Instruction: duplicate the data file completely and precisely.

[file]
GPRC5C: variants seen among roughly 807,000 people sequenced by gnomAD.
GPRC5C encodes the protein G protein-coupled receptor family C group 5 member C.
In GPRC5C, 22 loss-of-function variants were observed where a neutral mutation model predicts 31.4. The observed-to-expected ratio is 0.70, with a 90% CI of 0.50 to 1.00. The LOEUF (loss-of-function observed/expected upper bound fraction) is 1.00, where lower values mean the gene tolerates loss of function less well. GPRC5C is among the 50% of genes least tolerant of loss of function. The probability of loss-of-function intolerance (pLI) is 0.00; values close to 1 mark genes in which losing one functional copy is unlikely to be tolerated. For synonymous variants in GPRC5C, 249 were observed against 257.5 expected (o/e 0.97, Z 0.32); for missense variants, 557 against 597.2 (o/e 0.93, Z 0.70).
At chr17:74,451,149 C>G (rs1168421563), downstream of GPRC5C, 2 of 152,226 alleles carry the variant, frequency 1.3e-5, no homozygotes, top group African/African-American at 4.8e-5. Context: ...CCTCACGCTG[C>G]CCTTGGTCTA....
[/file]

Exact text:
GPRC5C: variants seen among roughly 807,000 people sequenced by gnomAD.
GPRC5C encodes the protein G protein-coupled receptor family C group 5 member C.
In GPRC5C, 22 loss-of-function variants were observed where a neutral mutation model predicts 31.4. The observed-to-expected ratio is 0.70, with a 90% CI of 0.50 to 1.00. The LOEUF (loss-of-function observed/expected upper bound fraction) is 1.00, where lower values mean the gene tolerates loss of function less well. GPRC5C is among the 50% of genes least tolerant of loss of function. The probability of loss-of-function intolerance (pLI) is 0.00; values close to 1 mark genes in which losing one functional copy is unlikely to be tolerated. For synonymous variants in GPRC5C, 249 were observed against 257.5 expected (o/e 0.97, Z 0.32); for missense variants, 557 against 597.2 (o/e 0.93, Z 0.70).
At chr17:74,451,149 C>G (rs1168421563), downstream of GPRC5C, 2 of 152,226 alleles carry the variant, frequency 1.3e-5, no homozygotes, top group African/African-American at 4.8e-5. Context: ...CCTCACGCTG[C>G]CCTTGGTCTA....